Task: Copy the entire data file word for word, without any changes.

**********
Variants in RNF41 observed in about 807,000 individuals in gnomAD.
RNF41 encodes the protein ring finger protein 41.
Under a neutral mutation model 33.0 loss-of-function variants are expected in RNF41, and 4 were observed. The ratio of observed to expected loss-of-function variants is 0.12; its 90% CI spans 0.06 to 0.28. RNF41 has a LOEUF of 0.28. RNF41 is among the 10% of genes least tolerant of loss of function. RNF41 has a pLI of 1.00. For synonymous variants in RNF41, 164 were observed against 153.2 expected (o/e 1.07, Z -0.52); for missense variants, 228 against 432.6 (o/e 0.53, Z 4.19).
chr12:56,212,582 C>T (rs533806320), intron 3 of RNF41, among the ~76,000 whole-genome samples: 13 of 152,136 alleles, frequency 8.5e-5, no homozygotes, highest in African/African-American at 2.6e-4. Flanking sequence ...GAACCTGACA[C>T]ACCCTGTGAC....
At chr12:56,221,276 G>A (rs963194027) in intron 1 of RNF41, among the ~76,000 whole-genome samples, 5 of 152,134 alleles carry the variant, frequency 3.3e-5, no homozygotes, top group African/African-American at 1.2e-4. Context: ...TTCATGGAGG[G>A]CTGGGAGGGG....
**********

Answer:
Variants in RNF41 observed in about 807,000 individuals in gnomAD.
RNF41 encodes the protein ring finger protein 41.
Under a neutral mutation model 33.0 loss-of-function variants are expected in RNF41, and 4 were observed. The ratio of observed to expected loss-of-function variants is 0.12; its 90% CI spans 0.06 to 0.28. RNF41 has a LOEUF of 0.28. RNF41 is among the 10% of genes least tolerant of loss of function. RNF41 has a pLI of 1.00. For synonymous variants in RNF41, 164 were observed against 153.2 expected (o/e 1.07, Z -0.52); for missense variants, 228 against 432.6 (o/e 0.53, Z 4.19).
chr12:56,212,582 C>T (rs533806320), intron 3 of RNF41, among the ~76,000 whole-genome samples: 13 of 152,136 alleles, frequency 8.5e-5, no homozygotes, highest in African/African-American at 2.6e-4. Flanking sequence ...GAACCTGACA[C>T]ACCCTGTGAC....
At chr12:56,221,276 G>A (rs963194027) in intron 1 of RNF41, among the ~76,000 whole-genome samples, 5 of 152,134 alleles carry the variant, frequency 3.3e-5, no homozygotes, top group African/African-American at 1.2e-4. Context: ...TTCATGGAGG[G>A]CTGGGAGGGG....